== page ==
What’s the one thing all teachers would ask for if the impossible was possible? Yep that’s right, a time machine. I’m sure every teacher would use it a little differently, and funnily enough it was an item that children thought the State Library of Victoria should get their hands on too. When the Library conducted public surveys in late 2012 around the ‘Your Library, Your Say’ initiative for exploring how the Library might grow, school children were among the respondents. Their feedback included all sorts of creative ideas on how the Library could ‘jazz things up’, and one of those included a request that the Library get a time machine.

While a time machine could take us a while to source or build, there is no stopping us tapping into the wisdom of educators to get some insights on how time can be measured, experienced, and used. With the next Teachmeet Melbourne coming up at the State Library of Victoria on Thursday 16 May (4:30 – 7pm)  and with such an array of interesting and networked educators presenting and attending, it seemed to be the perfect opportunity to see how creatively educators could address the theme of a ‘time machine’.

Teachmeets in Australia have been one of the most exciting aspects of the growth in educators sharing expertise. They are free professional learning events with self-nominated or crowd-sourced presentations ranging from 2-7 minutes long. Talks might be about web tools or equipment, learning programs, or new approaches to teaching. They are essentially an ‘unconference’ event, an opportunity for teachers to share and compare ideas. There is certainly a technology focus to the events, but that should be no surprise given that a Teachmeet is only one letter more than a ‘Techmeet’.

We’re excited by the opportunity to host the next Teachmeet Melbourne. We’re even more excited to see how the ‘time machine’ theme creates some playful presentations. After all, there is no time like the present to join a network and see where the future takes you.

Sign up for the May 16 Teachmeet as either a presenter or an attendee and find out more about other Teachmeet Melbourne events. The May 16 event will begin at 5.00pm, but there is also a chance to get a behind the scenes tour of the State Library of Victoria from 4.30pm. 


What is a TeachMeet?

Today’s guest post comes from Celia Coffa, one of the organisers of TeachMeet Melbourne. Celia tells us about TeachMeets and the schedule of free events for this year. 

TeachMeets are professional learning opportunities, for teachers, by teachers. Starting in Scotland about 8 years ago, the movement is growing and the structure and style varies from place to place. The Melbourne experience started in September 2011, following the lead of TeachMeet Sydney and has grown steadily since.

TeachMeets attract teachers from all sectors: state, independent and Catholic and from all primary, secondary and tertiary levels, thereby creating a wonderfully eclectic group different to many other Professional learning opportunities we may attend. TeachMeets rely on the willingness of participants to be presenters, usually in two or seven minutes time slots. TeachMeet presentation topics are as varied as those presenting them. Learning theories, teaching strategies, educational projects and cool tech tools are some of the many topics discussed. The presentations are important, but just as important is the opportunity to meet and extend our Professional Learning Networks. Making face to face contact with people who we may already have established relationships with on social media, through Twitter, online courses or blogging. This connecting and networking strengthens and broadens our scope as teachers, widening the opportunities for our own personal development as well as extending the reach for our students.

Melbourne TeachMeets have a friendly atmosphere, and have been hosted in a wide variety of educational settings, including schools, Science and Environmental education centres, Libraries and Museums. No two meets are the same, harnessing the expertise, friendship and ‘feel’ of the group gathered.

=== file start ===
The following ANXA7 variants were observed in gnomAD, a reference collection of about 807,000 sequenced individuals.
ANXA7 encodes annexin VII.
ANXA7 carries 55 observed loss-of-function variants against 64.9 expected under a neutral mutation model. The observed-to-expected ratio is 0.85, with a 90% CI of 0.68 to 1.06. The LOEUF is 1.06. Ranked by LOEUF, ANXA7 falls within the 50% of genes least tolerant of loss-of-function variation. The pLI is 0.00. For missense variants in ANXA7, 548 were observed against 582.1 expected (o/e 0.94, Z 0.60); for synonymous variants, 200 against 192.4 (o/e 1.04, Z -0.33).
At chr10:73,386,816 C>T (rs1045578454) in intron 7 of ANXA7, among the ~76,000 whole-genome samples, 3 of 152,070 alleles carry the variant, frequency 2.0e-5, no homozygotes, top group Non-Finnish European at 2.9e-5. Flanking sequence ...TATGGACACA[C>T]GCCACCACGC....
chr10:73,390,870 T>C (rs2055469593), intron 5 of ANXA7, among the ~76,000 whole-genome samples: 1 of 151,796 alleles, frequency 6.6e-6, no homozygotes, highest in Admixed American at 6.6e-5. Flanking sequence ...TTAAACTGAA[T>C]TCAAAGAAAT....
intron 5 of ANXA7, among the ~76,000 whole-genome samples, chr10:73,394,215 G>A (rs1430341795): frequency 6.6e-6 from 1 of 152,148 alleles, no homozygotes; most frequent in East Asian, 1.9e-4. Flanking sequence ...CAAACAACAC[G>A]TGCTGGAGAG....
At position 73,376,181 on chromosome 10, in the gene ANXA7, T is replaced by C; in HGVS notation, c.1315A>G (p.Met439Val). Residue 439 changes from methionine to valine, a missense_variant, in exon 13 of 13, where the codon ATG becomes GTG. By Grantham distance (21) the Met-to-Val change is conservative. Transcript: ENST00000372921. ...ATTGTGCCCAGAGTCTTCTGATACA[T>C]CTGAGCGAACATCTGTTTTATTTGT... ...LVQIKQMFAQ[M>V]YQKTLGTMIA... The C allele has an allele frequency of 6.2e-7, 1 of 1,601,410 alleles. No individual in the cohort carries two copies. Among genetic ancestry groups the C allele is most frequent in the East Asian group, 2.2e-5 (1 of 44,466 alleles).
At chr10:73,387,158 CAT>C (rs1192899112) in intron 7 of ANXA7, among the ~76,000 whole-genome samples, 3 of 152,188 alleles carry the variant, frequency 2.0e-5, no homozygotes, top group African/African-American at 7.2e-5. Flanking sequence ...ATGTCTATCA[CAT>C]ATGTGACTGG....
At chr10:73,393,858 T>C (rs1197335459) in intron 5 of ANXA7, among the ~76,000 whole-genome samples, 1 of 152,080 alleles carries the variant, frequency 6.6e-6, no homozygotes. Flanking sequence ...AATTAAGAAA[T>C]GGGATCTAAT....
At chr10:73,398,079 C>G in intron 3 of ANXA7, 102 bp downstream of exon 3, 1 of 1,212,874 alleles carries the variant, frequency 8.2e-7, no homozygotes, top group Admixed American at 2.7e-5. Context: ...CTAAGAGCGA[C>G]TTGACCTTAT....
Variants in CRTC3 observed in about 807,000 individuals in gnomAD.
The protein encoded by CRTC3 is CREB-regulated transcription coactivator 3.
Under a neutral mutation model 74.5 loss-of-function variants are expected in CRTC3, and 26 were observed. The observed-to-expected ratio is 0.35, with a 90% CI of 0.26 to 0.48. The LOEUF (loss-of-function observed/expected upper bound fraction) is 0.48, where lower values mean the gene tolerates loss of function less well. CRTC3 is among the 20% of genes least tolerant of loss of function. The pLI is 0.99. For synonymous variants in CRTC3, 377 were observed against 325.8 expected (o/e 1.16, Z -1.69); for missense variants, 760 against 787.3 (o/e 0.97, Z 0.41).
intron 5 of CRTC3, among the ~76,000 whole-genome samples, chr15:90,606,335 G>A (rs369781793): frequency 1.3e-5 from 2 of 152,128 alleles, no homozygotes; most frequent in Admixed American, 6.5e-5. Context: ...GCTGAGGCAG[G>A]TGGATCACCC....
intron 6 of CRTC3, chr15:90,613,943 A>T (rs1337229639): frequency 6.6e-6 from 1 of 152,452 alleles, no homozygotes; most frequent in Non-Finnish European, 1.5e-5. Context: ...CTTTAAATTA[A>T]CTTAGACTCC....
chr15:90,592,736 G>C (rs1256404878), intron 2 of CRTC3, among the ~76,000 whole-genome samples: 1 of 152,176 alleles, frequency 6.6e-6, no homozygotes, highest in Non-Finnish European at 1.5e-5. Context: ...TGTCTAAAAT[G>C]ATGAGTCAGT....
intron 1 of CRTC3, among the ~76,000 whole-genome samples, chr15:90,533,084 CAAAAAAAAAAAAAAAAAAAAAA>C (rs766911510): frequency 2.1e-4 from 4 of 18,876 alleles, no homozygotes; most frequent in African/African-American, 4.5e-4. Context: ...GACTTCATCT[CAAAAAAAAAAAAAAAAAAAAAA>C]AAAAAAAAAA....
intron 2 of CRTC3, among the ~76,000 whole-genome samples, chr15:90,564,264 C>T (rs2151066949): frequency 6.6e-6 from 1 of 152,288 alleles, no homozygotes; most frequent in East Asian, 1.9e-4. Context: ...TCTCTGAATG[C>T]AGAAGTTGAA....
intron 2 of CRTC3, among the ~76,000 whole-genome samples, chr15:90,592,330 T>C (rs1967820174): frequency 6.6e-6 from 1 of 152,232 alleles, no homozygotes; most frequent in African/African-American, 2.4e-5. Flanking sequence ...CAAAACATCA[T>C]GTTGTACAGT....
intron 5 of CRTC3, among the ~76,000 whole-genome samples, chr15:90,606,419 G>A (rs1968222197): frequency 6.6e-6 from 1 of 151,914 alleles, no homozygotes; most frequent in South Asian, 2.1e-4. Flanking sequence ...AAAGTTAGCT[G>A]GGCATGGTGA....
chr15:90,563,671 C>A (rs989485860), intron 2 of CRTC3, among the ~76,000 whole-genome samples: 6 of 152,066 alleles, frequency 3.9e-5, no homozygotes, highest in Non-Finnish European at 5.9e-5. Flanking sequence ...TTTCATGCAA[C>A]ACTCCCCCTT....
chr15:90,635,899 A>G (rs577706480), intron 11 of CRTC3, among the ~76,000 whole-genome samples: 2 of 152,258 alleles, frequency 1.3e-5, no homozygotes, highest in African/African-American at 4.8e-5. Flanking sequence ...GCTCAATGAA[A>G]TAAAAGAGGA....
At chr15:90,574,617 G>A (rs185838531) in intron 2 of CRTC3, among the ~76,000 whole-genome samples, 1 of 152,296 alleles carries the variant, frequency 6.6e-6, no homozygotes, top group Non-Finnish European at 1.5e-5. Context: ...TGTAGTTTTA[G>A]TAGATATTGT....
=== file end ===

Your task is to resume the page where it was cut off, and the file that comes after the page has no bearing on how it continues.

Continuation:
The upcoming meet on February 2 will be hosted by ICTEV and will take place in a Pub (where reportedly the first Teachmeet occurred), allowing for the sharing to continue in an even less formal manner in a TeachEat afterwards. Later in the year, meets are scheduled for the State Library of Victoria (May 16), Melbourne Museum, Royal Children’s Hospital and other school based venues.
Wikispaces becomes the hub for planning events after venues are offered. Twitter and word of mouth are the main publicity methods at this stage. A feature of Teachmeets is that they are organic, changing according to the needs, interests and ideas of those who participate. Who knows what they will look like in a year or two?

For more information :
TeachMeet Melbourne
TeachMeet Australia

You can also find out more by following the Twitter hashtags #TMMelb and #Teachmeet

Thanks to Celia for sharing with us about TeachMeet, and also for her work in organising these fabulous events. We’d encourage you to try and make it along to a TeachMeet in your area, or even organise one of your own. They are a great way to share and build your learning network.


Teach Meet Melbourne

On Saturday Quantum Victoria hosted another round of Teach Meet Melbourne. The Teach Meet movement is an informal gathering of educators who come together to share ideas and benefit from the experience of others.

Teach Meet is notable for the fact that this is not a paid event and that these educators are meeting outside of regular school hours. It is testament to the dedication of these educators that they are willing to come together on a Saturday to share their work and devote their own time to professional learning.  Those who couldn’t make it to the meet were also able to view the live stream which was provided from the event.

Details of the day are shared through the Teach Meet Melbourne wiki where you can find presentations and links to further resources.  The conversation is continued on Twitter via the #tmmelb hashtag. For those in other capital cities there are Teach Meet hashtags for #tmsydney, #tmadelaide and #tmbrisbane, along with the general #teachmeet hashtag. More information is available at the TeachMeet[Aus} site.

Congratulations to all of the participants and presenters.  You can view highlights of the presentations below (via Tony Richards @itmadesimple).